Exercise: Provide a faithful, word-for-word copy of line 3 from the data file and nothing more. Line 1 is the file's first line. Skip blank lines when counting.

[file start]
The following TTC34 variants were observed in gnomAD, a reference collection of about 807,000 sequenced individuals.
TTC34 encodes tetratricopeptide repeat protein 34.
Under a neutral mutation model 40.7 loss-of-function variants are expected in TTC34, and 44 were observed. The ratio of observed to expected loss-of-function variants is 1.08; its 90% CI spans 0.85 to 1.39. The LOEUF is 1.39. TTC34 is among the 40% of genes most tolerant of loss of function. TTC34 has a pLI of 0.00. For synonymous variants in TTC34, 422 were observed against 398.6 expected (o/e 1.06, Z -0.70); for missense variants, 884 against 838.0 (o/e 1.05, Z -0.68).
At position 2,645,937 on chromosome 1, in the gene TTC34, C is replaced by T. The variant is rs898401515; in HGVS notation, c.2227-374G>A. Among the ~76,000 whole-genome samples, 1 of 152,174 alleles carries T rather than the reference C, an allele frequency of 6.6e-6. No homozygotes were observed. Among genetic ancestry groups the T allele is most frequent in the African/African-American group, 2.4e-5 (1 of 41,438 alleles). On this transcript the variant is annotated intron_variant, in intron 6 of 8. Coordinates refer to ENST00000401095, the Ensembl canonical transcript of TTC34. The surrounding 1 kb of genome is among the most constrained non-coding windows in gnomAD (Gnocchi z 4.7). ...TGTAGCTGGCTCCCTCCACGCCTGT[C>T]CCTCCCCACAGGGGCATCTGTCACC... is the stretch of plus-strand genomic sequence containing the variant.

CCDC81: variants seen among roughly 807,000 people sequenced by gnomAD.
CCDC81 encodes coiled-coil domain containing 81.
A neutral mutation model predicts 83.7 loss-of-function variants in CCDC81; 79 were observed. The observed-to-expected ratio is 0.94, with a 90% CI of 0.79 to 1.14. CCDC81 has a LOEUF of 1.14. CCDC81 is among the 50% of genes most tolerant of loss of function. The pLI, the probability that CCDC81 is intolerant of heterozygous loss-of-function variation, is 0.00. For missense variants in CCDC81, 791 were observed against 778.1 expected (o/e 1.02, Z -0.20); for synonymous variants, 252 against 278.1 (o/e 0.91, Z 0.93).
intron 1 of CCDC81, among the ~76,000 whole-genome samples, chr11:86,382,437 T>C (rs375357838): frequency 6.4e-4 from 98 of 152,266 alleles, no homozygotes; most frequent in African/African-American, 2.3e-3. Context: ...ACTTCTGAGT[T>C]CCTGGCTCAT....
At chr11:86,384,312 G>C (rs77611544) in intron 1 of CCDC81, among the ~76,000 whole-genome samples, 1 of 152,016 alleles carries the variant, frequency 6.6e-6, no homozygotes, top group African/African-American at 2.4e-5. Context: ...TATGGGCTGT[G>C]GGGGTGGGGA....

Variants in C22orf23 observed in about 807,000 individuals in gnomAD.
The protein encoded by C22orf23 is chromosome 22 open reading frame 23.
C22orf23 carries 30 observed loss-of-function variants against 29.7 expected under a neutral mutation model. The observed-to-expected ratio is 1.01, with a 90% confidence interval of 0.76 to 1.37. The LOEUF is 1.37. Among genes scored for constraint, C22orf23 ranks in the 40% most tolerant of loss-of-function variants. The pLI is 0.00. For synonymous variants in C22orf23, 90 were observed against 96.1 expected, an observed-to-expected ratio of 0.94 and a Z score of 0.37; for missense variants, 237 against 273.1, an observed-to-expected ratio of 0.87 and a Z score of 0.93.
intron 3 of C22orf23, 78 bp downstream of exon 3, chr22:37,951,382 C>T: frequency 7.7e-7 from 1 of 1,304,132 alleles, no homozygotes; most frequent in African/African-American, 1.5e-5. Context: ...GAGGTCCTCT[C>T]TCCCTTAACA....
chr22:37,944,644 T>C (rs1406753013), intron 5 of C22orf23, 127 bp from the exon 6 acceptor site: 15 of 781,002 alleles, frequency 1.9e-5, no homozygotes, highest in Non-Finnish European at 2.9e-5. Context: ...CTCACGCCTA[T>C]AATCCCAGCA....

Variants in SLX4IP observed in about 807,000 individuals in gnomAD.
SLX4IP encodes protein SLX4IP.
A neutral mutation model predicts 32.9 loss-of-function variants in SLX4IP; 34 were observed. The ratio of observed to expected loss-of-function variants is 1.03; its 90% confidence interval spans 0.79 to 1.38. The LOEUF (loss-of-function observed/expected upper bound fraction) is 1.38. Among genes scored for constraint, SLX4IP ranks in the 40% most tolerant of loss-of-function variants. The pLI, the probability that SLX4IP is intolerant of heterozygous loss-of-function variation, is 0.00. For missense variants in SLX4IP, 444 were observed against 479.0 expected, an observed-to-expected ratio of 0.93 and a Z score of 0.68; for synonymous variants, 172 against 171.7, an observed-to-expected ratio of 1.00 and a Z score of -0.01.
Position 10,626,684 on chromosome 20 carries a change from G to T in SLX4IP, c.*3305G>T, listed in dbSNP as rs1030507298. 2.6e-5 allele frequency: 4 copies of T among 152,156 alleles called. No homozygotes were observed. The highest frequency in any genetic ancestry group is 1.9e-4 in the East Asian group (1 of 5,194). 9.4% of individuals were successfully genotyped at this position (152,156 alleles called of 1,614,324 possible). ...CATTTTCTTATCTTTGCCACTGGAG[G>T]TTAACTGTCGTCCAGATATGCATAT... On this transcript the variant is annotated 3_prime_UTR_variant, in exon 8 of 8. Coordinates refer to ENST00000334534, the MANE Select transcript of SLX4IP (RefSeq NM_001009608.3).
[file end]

Under a neutral mutation model 40.7 loss-of-function variants are expected in TTC34, and 44 were observed. The ratio of observed to expected loss-of-function variants is 1.08; its 90% CI spans 0.85 to 1.39. The LOEUF is 1.39. TTC34 is among the 40% of genes most tolerant of loss of function. TTC34 has a pLI of 0.00. For synonymous variants in TTC34, 422 were observed against 398.6 expected (o/e 1.06, Z -0.70); for missense variants, 884 against 838.0 (o/e 1.05, Z -0.68).